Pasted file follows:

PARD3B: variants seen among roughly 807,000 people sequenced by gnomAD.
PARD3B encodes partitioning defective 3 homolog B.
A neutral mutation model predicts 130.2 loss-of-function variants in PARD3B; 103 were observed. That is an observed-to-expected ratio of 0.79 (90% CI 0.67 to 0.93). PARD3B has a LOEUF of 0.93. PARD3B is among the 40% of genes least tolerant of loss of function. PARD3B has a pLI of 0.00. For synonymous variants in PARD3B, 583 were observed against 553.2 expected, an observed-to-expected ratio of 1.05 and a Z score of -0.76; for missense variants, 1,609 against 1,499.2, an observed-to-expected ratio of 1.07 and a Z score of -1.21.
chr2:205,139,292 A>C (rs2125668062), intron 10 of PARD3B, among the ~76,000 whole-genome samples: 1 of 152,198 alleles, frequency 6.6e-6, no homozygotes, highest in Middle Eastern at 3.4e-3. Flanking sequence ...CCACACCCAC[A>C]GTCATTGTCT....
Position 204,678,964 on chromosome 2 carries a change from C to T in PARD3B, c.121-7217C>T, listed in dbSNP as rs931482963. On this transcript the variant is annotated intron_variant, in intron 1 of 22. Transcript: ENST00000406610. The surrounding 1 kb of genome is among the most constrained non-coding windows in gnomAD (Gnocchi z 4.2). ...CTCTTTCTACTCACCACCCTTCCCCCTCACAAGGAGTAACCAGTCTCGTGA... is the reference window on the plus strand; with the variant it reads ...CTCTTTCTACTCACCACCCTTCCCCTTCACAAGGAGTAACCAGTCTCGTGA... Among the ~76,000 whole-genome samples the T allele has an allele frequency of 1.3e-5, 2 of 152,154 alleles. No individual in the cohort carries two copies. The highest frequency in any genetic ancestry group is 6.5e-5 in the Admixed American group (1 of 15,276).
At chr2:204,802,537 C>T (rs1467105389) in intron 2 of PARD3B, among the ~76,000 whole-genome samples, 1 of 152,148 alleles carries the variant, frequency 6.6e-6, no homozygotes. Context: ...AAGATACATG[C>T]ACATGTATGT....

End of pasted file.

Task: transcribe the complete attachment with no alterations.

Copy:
PARD3B: variants seen among roughly 807,000 people sequenced by gnomAD.
PARD3B encodes partitioning defective 3 homolog B.
A neutral mutation model predicts 130.2 loss-of-function variants in PARD3B; 103 were observed. That is an observed-to-expected ratio of 0.79 (90% CI 0.67 to 0.93). PARD3B has a LOEUF of 0.93. PARD3B is among the 40% of genes least tolerant of loss of function. PARD3B has a pLI of 0.00. For synonymous variants in PARD3B, 583 were observed against 553.2 expected, an observed-to-expected ratio of 1.05 and a Z score of -0.76; for missense variants, 1,609 against 1,499.2, an observed-to-expected ratio of 1.07 and a Z score of -1.21.
chr2:205,139,292 A>C (rs2125668062), intron 10 of PARD3B, among the ~76,000 whole-genome samples: 1 of 152,198 alleles, frequency 6.6e-6, no homozygotes, highest in Middle Eastern at 3.4e-3. Flanking sequence ...CCACACCCAC[A>C]GTCATTGTCT....
Position 204,678,964 on chromosome 2 carries a change from C to T in PARD3B, c.121-7217C>T, listed in dbSNP as rs931482963. On this transcript the variant is annotated intron_variant, in intron 1 of 22. Transcript: ENST00000406610. The surrounding 1 kb of genome is among the most constrained non-coding windows in gnomAD (Gnocchi z 4.2). ...CTCTTTCTACTCACCACCCTTCCCCCTCACAAGGAGTAACCAGTCTCGTGA... is the reference window on the plus strand; with the variant it reads ...CTCTTTCTACTCACCACCCTTCCCCTTCACAAGGAGTAACCAGTCTCGTGA... Among the ~76,000 whole-genome samples the T allele has an allele frequency of 1.3e-5, 2 of 152,154 alleles. No individual in the cohort carries two copies. The highest frequency in any genetic ancestry group is 6.5e-5 in the Admixed American group (1 of 15,276).
At chr2:204,802,537 C>T (rs1467105389) in intron 2 of PARD3B, among the ~76,000 whole-genome samples, 1 of 152,148 alleles carries the variant, frequency 6.6e-6, no homozygotes. Context: ...AAGATACATG[C>T]ACATGTATGT....